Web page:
6. Jan 20, 2021 at 3:58 PM
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    3JOH22A

    3JOH22A Cunning Linguist

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    Damn, 8 years on original factory fill? Must be like molasses in there. Factory fill in 2nd gen isn't synthetic, typically 85W90 or even straight SAE 90. You'll probably notice some gains switching to 75W90 synthetic gear oil.
     
  7. Jan 20, 2021 at 4:08 PM
    #7
    StillNoPickles

    StillNoPickles Well-Known Member

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    I’ve used bulk synthetic 75w-90 for years all across Alaska and the Yukon. Cheap Walmart Supertech or Chevron Delo 75w-90 gear lube has never let me down in over half a million miles. Your driving habits are going to contribute to your MPGs way more than gear oil viscosities. As stated about the engine, I personally used 0w-30 for easier winter startups.
     
  8. Jan 21, 2021 at 8:35 PM
    #8
    EME

    EME Well-Known Member

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    I run 75w90 Amsoil in diffs/transfer case and amsoil 5w30, This winter has not been cold (Edmonton which is the largest most northern city in North America) typically we get stretches -20 to -30C but so far this year maybe 2 days were -20, weather forecast for next week its heading towards -20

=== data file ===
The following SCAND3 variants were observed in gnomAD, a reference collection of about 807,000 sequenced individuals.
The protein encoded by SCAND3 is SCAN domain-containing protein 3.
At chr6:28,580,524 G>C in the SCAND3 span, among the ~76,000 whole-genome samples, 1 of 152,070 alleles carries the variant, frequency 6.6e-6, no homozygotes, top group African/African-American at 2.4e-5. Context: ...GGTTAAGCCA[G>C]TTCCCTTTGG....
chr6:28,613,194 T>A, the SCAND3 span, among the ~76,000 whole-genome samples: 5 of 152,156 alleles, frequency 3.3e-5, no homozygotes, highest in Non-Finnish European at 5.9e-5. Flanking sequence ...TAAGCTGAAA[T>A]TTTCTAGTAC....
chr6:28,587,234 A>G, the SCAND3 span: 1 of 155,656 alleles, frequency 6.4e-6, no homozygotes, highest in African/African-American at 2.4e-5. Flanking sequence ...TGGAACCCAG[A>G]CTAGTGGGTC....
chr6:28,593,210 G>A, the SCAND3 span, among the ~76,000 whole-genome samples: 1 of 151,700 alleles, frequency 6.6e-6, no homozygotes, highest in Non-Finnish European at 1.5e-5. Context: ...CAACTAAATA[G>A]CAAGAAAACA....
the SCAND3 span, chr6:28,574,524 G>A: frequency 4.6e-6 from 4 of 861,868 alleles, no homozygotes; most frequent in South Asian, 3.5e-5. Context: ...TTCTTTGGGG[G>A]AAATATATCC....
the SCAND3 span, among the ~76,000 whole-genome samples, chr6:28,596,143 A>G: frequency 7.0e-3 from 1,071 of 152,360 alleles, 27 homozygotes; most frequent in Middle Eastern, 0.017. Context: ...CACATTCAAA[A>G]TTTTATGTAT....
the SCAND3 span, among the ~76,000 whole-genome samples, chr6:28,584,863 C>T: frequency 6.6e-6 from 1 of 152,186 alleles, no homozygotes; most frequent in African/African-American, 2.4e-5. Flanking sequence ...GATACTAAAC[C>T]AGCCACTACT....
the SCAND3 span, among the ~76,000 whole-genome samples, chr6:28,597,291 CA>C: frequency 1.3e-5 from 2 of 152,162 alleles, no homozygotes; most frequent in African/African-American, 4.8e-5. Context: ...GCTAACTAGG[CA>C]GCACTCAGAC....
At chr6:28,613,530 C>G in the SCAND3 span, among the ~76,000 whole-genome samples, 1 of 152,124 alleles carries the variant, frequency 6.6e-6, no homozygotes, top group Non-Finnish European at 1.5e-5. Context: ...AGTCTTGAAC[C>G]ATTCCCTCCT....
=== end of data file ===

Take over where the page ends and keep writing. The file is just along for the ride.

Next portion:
9. Jan 21, 2021 at 8:40 PM
    #9
    Accipiter13

    Accipiter13 Well-Known Member

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  10. Jan 21, 2021 at 8:44 PM
    #10
    NAAC3TACO

    NAAC3TACO Middle aged member

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    Not only do we have to deal with winter blend fuel, but engines run richer when cold. I doubt changing your gear oil viscosity will help much. I could be wrong.

    FYI, Toyota and GM offer 75w85 synthetic gear oils. You might try that viscosity and see if it helps.
     
  11. Jan 22, 2021 at 7:19 AM
    #11
    Knute

    Knute Well-Known Member

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    Quick question...... is your -20 in Celsius or Fahrenheit?

    Either way, the gear oil is likely not the impact on fuel as you assume.

    Do you idle after start up to "warm" the truck before driving? If you do, this is a big consumer of your fuel. Suggest to start the truck, scrape the windshield (if needed), buckle up, drive. Go easy on the gogo pedal until you see the Engine Temperature gauge move off "C". Then the truck will be "warm", this will only require 2-3 mile (3-5 km).

    In truth, the engine doesn't respond to cold like humans. Yes, the oil will get thicker, but the multi-viscosity oils negate this effect. Yes, the fuel mix will be richer, because the fuel doesn't vaporize easily at cold temps. Once your engine oil is at pressure, you can drive. The engine only needs a few seconds to build oil pressure. When the "genie" lamp goes off, you have oil pressure.